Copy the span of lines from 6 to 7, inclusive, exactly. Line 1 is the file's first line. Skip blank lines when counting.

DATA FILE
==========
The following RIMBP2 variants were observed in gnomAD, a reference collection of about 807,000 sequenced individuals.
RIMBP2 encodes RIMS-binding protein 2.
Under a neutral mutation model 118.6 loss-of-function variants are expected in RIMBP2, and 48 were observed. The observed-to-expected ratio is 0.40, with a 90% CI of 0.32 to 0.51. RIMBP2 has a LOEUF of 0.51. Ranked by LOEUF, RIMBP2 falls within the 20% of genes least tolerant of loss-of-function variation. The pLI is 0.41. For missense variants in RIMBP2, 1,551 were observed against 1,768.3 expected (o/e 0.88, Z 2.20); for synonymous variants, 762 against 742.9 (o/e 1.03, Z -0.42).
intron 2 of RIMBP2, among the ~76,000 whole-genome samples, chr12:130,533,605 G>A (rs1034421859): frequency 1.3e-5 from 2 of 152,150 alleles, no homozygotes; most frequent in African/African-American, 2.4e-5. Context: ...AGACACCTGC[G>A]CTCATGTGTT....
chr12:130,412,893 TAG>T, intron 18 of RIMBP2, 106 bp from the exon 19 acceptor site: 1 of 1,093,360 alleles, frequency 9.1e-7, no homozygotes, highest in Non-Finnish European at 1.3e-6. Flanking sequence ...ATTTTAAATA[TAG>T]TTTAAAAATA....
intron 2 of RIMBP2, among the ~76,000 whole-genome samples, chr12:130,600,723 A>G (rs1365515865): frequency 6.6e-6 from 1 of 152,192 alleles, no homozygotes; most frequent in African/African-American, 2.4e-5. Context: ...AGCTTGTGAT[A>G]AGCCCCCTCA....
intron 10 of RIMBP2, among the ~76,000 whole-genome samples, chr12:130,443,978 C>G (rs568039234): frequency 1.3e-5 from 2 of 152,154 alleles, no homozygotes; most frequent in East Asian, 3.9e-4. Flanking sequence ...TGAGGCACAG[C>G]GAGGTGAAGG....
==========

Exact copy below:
intron 2 of RIMBP2, among the ~76,000 whole-genome samples, chr12:130,600,723 A>G (rs1365515865): frequency 6.6e-6 from 1 of 152,192 alleles, no homozygotes; most frequent in African/African-American, 2.4e-5. Context: ...AGCTTGTGAT[A>G]AGCCCCCTCA....
intron 10 of RIMBP2, among the ~76,000 whole-genome samples, chr12:130,443,978 C>G (rs568039234): frequency 1.3e-5 from 2 of 152,154 alleles, no homozygotes; most frequent in East Asian, 3.9e-4. Flanking sequence ...TGAGGCACAG[C>G]GAGGTGAAGG....